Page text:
In the Mind of a Female Serial Killer by Stephen Jakobi – Review
By Victoria Holdsworth
Stephen Jakobi is a retired solicitor and an advocate and founder of the Human Rights organisation Fair Trial International. This true crimes debut offers an absorbing view of four of the worst crimes of their time. The crimes, even by today’s standards, are still shocking – because they were committed by women.
These once hidden and forgotten-about cases, had it not been for the interests of Jakobi, would have been left uncovered for another hundred years. It was his strong belief in justice, but also the effects of the execution of Ruth Ellis, which encouraged him to dig a little deeper into these infamous crimes of their times and try to understand more about the minds of the women involved.
In the Mind of a Female Serial Killer tells the stories of four female serial killers; Agnes Norman, Louie Calvert, Kate Webster and Mrs Willis. These are names that you would rarely find pop up in any search for a murderer or criminal of this kind, however they were very real – and the crimes even more so – but were they responsible for their own actions?
Jakobi has used his wealth of legal knowledge and research skills to put forward the notion of whether these women were in fact the monsters they were portrayed as. Were they really just victims of circumstance? The author has applied research based on family-owned primary sources, government files and genealogy websites, to try and piece together the true facts of these cases, with some of the evidence even coming from the ‘killers’ themselves.
Unlike a lot of true crime books, this one is particularly unique in the sense that Jakobi has presented each case with conflicting objectives, which lends enhancement to the modern day psychological theories of criminal psychopaths, and what can lead someone to commit such crimes.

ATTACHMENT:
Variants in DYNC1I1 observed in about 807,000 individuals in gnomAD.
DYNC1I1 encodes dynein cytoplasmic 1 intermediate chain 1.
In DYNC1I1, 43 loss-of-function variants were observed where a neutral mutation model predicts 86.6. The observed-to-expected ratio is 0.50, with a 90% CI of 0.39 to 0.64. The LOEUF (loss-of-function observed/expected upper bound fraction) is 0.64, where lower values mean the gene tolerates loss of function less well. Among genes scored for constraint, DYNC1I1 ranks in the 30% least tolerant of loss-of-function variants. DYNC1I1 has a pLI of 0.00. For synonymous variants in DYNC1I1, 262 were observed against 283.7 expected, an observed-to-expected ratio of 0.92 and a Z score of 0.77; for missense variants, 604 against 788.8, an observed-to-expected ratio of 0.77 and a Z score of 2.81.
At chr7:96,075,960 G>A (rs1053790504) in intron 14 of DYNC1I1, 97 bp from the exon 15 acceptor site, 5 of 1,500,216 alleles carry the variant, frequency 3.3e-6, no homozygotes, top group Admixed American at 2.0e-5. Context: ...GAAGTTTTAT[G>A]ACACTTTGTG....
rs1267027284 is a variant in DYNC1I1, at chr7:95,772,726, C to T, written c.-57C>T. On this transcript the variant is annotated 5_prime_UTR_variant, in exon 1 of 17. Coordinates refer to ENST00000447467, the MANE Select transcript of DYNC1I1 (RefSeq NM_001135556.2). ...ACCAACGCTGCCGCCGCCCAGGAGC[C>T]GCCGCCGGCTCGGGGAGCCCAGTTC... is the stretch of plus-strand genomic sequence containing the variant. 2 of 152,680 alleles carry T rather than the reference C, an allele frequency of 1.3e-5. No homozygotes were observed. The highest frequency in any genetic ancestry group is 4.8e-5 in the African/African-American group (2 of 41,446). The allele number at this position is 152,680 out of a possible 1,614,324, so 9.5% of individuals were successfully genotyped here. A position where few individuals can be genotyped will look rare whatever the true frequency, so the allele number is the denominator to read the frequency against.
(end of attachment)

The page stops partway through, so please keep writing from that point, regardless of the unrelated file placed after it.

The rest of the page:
In the case of Agnes Norman, whom Jakobi describes as ‘the most successful known mass killer of her generation’ there would definitely be, especially by today’s standards, a strong case put forward to a jury that she suffered with severe mental illness.
“Victim of circumstance”
The second case is Yorkshire born Louie Calvert, of Gawthorpe, which seems to be the unfortunate life story of a career criminal, who from a very young age was first charged with theft at just 15-years-old. Despite coming from a prominent and respectable local family, this young girl seemed to develop a double life, which eventually led to her being charged with murder and executed in 1926, leaving behind an account of her life and time in prison, written by her own hand when incarcerated in her condemned cell. This account we presume to be true, however, thanks to court documents and family testaments that were uncovered by the hands of Jakobi, we can see that it is, in part, a work of fiction.
In the circumstances of Kate Webster, we see another shift in sociological changes of the times, and we learn of the horrific Thames Torso murders being attributed to this young woman, which was only presumed and labelled upon her after her execution in 1879. Whilst on the surface it seems that the evidence is stacked against her, could it be that she was also a victim of circumstance, only this time a willing one?
The last case of Mrs Willis, again gives you an entirely new perspective of what we deem to be a pathological liar. Compared to the other women in the book, Mrs Willis is an older lady and a baby farmer, who seemed to live many different lives at once. Her last confession before her execution in 1907, seems to confirm that her entire defence that went before was false.
Although the book can sometimes be a little hard to read, due to the reproduction of the language used from the time within the court transcripts, it certainly offers an enthralling insight into the police and judiciary services of the period, and how these events and executions came to be.
Just how did four women really turn into these cold blooded killers? Was it impoverished conditions? Was it mental illness? In the case of the Mrs Willis it appears to have been a head injury that caused a seemingly normal, law abiding woman to turn into a child killer.
Whilst there are some similarities and common links in all the stories, especially the first three instances, the author has presented them in such a way that it is up to the reader to decide, and form their own views. Looking at these stories in a modernist, moral and informed way, these women would have probably been spared the death penalty today. I can only be thankful that modern medicine and social assistance can help a lot of people, whom may be suffering with the same afflictions as these.
In the Mind of a Female Serial Killer is an excellently balanced and unbiased book from which valuable lessons can be learnt. It gives great historical insight into these cases and leaves the reader wondering how many more similar cases may lay uncovered.
‘In the Mind of a Female Serial Killer’ by Stephen Jakobi is published by Pen & Sword History, £12.99